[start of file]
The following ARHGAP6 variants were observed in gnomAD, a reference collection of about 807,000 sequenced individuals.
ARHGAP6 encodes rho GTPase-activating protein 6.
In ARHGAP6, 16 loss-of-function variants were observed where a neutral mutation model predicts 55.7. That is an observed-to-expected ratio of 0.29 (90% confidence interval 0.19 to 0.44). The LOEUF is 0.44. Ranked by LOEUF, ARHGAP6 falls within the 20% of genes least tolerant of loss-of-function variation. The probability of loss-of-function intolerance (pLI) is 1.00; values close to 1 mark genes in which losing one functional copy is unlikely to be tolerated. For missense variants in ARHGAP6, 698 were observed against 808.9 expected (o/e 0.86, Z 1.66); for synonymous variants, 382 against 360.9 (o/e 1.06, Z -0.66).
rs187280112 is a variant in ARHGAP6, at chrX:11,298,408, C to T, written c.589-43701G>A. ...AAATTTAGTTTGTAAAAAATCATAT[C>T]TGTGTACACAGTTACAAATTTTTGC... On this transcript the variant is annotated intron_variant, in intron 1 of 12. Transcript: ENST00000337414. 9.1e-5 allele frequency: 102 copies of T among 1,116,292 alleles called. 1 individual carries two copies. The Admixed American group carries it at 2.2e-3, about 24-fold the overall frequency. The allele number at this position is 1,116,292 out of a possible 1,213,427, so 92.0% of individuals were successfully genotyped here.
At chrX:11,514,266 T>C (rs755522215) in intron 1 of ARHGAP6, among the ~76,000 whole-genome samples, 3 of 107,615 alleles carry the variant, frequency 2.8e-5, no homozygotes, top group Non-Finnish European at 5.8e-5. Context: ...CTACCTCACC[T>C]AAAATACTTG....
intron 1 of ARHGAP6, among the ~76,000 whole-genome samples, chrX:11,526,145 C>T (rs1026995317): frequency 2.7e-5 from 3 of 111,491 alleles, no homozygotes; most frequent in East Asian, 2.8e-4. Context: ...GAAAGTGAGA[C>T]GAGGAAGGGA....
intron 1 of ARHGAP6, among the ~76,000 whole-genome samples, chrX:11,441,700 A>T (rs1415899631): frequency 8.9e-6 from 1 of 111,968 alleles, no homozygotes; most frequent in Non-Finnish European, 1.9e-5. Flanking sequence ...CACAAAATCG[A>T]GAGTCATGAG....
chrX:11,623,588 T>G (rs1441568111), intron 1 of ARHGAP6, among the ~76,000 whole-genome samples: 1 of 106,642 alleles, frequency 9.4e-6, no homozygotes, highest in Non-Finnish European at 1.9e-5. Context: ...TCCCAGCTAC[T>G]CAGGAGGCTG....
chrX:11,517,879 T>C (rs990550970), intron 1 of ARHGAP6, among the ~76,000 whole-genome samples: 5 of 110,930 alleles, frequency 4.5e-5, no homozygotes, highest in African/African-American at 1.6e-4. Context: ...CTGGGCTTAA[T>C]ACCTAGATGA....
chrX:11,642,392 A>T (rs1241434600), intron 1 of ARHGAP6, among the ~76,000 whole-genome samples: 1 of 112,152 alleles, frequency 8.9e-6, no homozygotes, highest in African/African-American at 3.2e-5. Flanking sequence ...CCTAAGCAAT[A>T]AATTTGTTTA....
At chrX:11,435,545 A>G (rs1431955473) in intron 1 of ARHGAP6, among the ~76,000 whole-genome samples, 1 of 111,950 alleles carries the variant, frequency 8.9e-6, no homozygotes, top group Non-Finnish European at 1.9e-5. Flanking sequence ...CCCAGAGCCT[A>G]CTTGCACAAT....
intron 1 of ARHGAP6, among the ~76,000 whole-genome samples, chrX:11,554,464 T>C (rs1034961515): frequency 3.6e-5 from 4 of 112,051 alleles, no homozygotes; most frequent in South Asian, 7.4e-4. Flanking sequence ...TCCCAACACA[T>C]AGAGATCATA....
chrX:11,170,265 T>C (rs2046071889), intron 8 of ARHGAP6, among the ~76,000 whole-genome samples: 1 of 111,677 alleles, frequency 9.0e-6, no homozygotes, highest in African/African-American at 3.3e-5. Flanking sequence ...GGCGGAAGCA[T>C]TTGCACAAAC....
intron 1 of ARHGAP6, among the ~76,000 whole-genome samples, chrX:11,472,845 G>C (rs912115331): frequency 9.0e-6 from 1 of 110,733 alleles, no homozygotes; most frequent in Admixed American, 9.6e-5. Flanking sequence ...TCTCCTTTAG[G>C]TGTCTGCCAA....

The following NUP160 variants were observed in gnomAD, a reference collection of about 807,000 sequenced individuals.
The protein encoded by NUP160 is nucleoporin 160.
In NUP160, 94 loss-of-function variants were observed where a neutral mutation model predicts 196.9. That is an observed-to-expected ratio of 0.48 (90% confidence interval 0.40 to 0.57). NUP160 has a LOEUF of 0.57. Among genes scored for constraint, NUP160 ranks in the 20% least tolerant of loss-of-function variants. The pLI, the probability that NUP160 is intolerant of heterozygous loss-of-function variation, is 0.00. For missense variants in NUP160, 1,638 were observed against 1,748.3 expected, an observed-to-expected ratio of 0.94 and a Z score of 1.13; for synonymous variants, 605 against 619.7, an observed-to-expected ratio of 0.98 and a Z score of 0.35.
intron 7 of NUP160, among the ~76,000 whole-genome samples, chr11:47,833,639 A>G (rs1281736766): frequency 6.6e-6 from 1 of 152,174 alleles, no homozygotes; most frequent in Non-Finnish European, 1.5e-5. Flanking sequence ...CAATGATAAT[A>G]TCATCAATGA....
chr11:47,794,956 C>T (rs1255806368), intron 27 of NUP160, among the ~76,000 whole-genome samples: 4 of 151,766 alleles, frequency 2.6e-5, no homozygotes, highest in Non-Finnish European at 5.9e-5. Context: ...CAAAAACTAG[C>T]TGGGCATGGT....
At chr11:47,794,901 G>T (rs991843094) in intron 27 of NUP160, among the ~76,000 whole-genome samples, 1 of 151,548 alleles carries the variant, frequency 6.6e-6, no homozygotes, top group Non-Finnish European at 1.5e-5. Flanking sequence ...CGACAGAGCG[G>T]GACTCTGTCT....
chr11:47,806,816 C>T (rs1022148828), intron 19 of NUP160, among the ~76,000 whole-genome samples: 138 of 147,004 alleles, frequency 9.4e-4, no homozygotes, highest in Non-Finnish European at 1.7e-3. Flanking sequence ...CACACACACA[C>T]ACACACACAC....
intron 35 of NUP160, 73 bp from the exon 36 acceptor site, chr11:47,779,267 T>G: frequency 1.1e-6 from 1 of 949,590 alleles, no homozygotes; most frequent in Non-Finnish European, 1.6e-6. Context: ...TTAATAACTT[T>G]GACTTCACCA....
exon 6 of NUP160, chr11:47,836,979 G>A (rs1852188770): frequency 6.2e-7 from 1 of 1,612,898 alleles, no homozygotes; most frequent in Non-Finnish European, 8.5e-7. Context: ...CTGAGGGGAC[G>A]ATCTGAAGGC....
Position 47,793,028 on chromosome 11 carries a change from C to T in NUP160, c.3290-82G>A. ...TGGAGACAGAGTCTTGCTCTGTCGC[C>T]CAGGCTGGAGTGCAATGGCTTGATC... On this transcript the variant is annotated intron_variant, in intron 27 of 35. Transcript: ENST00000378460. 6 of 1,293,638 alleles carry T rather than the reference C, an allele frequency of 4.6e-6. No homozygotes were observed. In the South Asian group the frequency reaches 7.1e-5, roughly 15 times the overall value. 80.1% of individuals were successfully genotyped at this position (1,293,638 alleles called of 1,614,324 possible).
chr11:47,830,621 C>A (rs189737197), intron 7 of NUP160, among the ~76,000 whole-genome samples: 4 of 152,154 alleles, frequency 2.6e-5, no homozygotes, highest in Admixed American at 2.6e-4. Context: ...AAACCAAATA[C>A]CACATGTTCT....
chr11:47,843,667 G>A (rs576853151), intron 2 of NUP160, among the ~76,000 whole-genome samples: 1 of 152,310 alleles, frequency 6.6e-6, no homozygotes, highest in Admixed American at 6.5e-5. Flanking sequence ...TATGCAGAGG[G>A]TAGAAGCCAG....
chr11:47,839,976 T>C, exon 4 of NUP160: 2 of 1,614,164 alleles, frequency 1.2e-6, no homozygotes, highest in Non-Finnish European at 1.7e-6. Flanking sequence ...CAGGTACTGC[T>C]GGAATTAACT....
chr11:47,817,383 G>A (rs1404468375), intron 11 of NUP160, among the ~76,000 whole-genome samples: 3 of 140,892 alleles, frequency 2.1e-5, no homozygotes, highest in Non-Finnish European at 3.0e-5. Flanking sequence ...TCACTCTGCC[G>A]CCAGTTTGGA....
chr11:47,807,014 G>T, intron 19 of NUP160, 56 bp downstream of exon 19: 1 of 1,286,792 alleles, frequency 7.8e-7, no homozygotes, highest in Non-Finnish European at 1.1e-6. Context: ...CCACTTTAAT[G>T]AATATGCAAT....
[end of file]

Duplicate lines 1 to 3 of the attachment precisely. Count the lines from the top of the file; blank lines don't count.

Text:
The following ARHGAP6 variants were observed in gnomAD, a reference collection of about 807,000 sequenced individuals.
ARHGAP6 encodes rho GTPase-activating protein 6.
In ARHGAP6, 16 loss-of-function variants were observed where a neutral mutation model predicts 55.7. That is an observed-to-expected ratio of 0.29 (90% confidence interval 0.19 to 0.44). The LOEUF is 0.44. Ranked by LOEUF, ARHGAP6 falls within the 20% of genes least tolerant of loss-of-function variation. The probability of loss-of-function intolerance (pLI) is 1.00; values close to 1 mark genes in which losing one functional copy is unlikely to be tolerated. For missense variants in ARHGAP6, 698 were observed against 808.9 expected (o/e 0.86, Z 1.66); for synonymous variants, 382 against 360.9 (o/e 1.06, Z -0.66).